Nikkei snaps 4-day losing streak on hopes for G7 talks
TOKYO (Reuters) - Japan's Nikkei average sprang back on Tuesday from four straight sessions of losses as investors snapped up big name bargains ahead of emergency talks between the G7 industrialized nations to tackle a deepening euro zone crisis.
The Nikkei .N225 advanced 1 percent to 8,382.00, boosted by Canon Inc (7751.T)'s gain of 3.4 percent on plans to buy back up to $640 million worth of its own shares. The camera and printer maker was the top-weighted gainer and the most heavily traded stock on the main board by turnover.
"The market has calmed down from yesterday, but the atmosphere is still very much one of 'wait and see'," said Yasutaka Kuga, a partner at Senrigan Capital. "No one really wants to play their hands."
Leaders of the G7 industrialized nations were due to hold an emergency telephone conference later on Tuesday to discuss a deepening euro zone crisis as Spanish banks show increasing signs of strain and a June 17 Greek election poses the risk that the country may leave the euro zone.
"If nothing concrete comes out of the meeting then people will be disappointed," said Masayuki Otani, chief market analyst at Securities Japan. "But if they give a direction for how they're going to tackle the problems then the market might calm down."
Olympus Corp (7733.T), which is struggling to recover from an accounting scandal, climbed 4 percent after the Sankei newspaper reported that it was considering raising about 50 billion yen ($640 million) through a third-party share allotment.
Although unease about the euro zone's fate remained, investors took the opportunity to pick up cheap stocks that were heavily knocked down on Monday on concern about a slowing U.S. economic recovery following a slew of soft economic data over the weekend and a sturdier yen.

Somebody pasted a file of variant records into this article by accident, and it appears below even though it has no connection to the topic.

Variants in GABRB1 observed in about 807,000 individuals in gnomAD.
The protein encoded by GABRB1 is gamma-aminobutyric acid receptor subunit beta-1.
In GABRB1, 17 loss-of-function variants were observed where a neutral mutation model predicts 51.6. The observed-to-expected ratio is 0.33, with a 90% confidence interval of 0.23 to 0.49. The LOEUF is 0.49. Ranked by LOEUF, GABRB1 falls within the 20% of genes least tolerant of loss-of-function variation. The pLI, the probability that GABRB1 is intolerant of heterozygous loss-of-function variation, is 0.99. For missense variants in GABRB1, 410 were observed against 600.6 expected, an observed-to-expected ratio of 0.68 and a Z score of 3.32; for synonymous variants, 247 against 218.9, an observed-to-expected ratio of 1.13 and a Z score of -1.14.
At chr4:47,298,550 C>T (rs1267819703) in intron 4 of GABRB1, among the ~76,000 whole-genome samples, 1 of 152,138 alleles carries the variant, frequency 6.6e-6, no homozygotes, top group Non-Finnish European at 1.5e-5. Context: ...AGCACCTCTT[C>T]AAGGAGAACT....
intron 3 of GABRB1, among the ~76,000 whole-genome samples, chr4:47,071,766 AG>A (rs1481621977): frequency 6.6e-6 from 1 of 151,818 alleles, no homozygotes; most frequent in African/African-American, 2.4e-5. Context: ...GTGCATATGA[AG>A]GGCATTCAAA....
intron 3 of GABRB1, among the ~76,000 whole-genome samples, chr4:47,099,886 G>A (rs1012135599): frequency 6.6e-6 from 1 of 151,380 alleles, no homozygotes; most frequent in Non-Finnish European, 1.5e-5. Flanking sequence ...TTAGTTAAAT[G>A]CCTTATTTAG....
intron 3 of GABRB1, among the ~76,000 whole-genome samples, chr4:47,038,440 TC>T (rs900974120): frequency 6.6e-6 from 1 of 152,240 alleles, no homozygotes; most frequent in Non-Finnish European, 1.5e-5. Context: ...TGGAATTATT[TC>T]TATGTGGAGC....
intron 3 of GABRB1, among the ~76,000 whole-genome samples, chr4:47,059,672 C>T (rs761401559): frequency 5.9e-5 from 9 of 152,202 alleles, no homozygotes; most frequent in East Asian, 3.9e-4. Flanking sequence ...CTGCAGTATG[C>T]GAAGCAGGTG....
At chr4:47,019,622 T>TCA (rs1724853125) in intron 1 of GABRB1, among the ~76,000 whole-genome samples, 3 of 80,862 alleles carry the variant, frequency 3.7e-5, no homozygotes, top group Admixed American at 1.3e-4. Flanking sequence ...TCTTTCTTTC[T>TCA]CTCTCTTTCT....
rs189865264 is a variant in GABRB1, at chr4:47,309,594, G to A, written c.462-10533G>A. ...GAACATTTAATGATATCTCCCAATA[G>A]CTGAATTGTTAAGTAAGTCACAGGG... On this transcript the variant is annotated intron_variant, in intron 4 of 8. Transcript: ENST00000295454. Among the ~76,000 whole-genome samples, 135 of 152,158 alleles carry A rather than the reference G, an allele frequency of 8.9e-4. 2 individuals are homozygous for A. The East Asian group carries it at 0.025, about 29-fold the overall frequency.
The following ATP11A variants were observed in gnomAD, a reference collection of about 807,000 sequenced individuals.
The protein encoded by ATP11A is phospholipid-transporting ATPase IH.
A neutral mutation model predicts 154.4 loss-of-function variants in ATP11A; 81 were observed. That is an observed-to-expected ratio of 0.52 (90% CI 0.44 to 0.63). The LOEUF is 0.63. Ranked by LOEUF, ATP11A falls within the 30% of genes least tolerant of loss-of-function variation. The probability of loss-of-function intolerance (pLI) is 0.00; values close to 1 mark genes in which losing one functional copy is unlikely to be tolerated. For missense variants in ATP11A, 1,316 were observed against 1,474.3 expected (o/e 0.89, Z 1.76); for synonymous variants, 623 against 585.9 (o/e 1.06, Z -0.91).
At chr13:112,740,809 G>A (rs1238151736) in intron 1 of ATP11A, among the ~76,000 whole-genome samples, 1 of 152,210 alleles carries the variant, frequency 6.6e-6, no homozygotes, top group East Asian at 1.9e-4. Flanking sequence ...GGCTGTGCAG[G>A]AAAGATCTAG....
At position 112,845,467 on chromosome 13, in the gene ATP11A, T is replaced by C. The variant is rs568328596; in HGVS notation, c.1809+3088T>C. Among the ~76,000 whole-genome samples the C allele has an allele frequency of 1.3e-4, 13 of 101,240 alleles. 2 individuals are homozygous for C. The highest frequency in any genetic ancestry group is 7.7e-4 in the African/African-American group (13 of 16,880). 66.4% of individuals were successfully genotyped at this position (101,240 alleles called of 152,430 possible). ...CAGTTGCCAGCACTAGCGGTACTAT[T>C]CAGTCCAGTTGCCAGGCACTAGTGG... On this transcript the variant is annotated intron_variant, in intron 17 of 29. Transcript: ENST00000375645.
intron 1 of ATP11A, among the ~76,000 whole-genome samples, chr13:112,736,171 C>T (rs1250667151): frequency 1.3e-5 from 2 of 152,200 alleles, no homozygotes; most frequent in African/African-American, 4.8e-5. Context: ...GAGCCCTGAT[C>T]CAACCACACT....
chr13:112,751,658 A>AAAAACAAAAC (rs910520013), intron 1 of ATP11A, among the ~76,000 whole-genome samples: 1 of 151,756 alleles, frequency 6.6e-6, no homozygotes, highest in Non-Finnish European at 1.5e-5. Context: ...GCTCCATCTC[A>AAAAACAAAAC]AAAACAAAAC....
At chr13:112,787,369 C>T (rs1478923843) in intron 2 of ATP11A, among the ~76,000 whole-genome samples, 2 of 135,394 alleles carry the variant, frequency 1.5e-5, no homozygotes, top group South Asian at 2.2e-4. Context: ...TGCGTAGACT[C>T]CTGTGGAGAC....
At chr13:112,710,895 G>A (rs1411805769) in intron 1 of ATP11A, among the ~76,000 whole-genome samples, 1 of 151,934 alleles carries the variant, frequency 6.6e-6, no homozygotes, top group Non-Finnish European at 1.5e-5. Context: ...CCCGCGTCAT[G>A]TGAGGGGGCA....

Sony Corp (6758.T) climbed 3.3 percent to break back above 1,000 yen, glancing off a 32-year low, while Mazda Motor Corp (7261.T) bounced back 5.6 percent after tumbling 7.3 percent in the previous session.
Weighing on the Nikkei index was widely owned Fast Retailing Co Ltd (9983.T), which lost 8.8 percent after reporting May same-store sales at its Uniqlo shops had dropped by about 10 percent.
The broader Topix index .TOPX recovered on Tuesday to close up 1.8 percent at 708.24, gaining a foothold above 700 after breaching that level to hit a 28-year low on Monday.
"Today there is a short-covering rally going on," said Naomi Fink, equity strategist at Jefferies' Japan, who said that she remained long on volatility and short on securities .ISECU.T and banks .IBNKS.T.
"There are still quite a lot of event risks, so I am not getting out of that vol (volatility) position anytime soon ... Factory orders were not as good as expected from the U.S. ... I don't see that optimism coming out just yet," Fink said.
A report showing falling U.S. factory goods for the third time in four months added to a slew of soft U.S. data released since Friday that has renewed pessimism about a stuttering recovery in the world's largest economy.
Fears of a euro zone collapse and concerns about slowing growth in the United States and China have helped to push the benchmark Nikkei down 18.2 percent from its one-year peak on March 27.
Despite Tuesday's gains, the Nikkei was still in "oversold" territory, with its 14-day relative strength index at 29.3. Thirty or below is deemed oversold.
($1 = 78.4200 Japanese yen)
(Additional reporting by Dominic Lau)
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